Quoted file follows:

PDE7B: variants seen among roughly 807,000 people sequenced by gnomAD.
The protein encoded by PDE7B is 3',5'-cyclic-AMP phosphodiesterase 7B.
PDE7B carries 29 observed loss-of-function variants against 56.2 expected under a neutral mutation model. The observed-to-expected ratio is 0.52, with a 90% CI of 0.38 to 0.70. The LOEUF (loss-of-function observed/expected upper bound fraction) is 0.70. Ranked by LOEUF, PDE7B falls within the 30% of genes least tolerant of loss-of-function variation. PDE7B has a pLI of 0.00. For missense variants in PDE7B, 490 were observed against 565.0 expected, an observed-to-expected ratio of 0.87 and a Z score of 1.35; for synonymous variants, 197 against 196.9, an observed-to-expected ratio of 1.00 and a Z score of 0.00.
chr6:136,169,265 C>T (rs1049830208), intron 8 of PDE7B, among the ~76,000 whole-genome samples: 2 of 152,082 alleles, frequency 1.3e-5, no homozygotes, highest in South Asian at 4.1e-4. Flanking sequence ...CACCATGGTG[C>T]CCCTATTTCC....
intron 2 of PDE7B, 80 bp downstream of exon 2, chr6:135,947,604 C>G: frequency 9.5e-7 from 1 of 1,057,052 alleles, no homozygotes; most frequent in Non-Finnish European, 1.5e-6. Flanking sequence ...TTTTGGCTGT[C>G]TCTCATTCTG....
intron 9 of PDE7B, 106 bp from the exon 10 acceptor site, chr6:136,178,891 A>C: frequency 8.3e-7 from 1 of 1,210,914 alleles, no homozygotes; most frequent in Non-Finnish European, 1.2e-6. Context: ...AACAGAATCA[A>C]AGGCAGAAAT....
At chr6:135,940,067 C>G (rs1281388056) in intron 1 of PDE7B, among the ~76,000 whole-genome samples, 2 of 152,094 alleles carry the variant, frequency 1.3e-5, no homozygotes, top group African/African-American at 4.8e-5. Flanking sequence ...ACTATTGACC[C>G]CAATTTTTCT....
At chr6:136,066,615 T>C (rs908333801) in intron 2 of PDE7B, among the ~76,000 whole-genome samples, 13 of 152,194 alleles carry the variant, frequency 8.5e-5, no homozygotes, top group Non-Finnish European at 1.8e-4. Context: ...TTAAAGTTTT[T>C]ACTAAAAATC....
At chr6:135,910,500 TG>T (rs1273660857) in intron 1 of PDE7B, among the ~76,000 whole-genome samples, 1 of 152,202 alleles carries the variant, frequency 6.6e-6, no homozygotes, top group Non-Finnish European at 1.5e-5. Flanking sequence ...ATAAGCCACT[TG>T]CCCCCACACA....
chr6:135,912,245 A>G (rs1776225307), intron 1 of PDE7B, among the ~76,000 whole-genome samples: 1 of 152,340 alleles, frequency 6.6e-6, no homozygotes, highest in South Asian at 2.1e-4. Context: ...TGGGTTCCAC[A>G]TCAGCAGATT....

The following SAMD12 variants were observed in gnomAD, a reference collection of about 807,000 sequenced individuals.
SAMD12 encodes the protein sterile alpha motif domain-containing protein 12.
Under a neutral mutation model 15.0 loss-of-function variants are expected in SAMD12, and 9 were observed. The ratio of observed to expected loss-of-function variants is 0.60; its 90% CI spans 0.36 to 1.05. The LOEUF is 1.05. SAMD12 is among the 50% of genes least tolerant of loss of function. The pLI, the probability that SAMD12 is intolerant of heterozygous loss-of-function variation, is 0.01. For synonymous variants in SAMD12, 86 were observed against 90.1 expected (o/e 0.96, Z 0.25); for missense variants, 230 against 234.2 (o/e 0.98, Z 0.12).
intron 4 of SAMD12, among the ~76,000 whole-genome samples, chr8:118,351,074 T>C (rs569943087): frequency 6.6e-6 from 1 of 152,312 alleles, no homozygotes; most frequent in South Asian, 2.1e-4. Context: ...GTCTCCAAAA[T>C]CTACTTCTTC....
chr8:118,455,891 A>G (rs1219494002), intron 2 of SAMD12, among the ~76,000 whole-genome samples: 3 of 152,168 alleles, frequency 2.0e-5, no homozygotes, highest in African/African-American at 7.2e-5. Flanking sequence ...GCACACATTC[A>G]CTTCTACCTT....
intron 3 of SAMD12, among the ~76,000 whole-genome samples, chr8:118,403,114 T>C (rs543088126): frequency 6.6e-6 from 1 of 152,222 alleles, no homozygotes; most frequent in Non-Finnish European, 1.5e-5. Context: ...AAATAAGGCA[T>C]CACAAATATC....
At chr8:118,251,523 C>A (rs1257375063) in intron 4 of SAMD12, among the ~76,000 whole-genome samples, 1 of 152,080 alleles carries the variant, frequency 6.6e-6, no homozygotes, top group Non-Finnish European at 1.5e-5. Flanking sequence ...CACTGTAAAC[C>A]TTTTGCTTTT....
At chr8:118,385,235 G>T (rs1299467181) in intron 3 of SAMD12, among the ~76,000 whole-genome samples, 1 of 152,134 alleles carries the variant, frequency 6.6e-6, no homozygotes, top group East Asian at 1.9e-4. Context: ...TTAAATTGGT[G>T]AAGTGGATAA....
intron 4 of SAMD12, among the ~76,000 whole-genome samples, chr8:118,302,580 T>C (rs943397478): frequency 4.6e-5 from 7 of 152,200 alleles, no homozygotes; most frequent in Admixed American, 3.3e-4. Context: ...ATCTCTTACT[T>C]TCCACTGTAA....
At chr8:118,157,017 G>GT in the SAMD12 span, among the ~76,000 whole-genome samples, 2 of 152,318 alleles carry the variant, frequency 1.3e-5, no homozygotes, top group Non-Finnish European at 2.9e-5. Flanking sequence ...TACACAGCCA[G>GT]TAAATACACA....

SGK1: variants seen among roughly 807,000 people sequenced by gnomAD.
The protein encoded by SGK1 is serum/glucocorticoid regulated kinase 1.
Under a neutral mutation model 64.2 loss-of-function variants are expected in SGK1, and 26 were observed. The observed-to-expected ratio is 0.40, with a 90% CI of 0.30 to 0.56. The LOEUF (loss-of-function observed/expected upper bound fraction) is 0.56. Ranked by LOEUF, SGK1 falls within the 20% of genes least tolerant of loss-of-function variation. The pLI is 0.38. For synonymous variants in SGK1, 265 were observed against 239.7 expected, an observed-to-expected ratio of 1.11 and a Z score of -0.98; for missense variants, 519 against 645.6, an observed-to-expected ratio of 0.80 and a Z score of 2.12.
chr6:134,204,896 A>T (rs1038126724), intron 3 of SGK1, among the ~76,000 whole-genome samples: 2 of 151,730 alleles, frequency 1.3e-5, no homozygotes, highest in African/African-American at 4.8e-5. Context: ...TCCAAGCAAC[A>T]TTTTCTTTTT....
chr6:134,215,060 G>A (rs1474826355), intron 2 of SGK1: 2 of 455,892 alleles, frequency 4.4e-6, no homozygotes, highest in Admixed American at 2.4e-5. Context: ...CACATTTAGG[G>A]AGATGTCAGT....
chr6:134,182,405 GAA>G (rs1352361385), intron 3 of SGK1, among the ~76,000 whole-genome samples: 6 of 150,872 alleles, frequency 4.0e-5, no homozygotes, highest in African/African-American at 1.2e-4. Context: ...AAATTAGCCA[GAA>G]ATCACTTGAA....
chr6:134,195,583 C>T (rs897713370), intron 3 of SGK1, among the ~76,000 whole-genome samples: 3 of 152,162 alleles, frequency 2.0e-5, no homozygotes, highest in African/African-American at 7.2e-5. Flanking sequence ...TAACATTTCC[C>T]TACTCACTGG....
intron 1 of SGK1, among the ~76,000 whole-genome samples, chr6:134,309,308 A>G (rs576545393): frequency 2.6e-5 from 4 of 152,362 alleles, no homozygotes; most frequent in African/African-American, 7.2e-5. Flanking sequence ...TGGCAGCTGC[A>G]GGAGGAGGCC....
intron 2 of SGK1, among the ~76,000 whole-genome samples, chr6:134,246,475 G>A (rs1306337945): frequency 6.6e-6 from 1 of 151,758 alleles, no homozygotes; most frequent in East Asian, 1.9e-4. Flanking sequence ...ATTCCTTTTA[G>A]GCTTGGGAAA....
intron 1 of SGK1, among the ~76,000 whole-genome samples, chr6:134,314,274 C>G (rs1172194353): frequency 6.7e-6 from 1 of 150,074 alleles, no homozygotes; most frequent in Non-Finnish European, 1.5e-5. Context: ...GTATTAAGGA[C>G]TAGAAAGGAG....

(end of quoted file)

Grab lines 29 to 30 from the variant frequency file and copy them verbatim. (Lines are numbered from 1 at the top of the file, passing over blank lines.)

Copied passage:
intron 2 of SGK1, among the ~76,000 whole-genome samples, chr6:134,246,475 G>A (rs1306337945): frequency 6.6e-6 from 1 of 151,758 alleles, no homozygotes; most frequent in East Asian, 1.9e-4. Flanking sequence ...ATTCCTTTTA[G>A]GCTTGGGAAA....
intron 1 of SGK1, among the ~76,000 whole-genome samples, chr6:134,314,274 C>G (rs1172194353): frequency 6.7e-6 from 1 of 150,074 alleles, no homozygotes; most frequent in Non-Finnish European, 1.5e-5. Context: ...GTATTAAGGA[C>G]TAGAAAGGAG....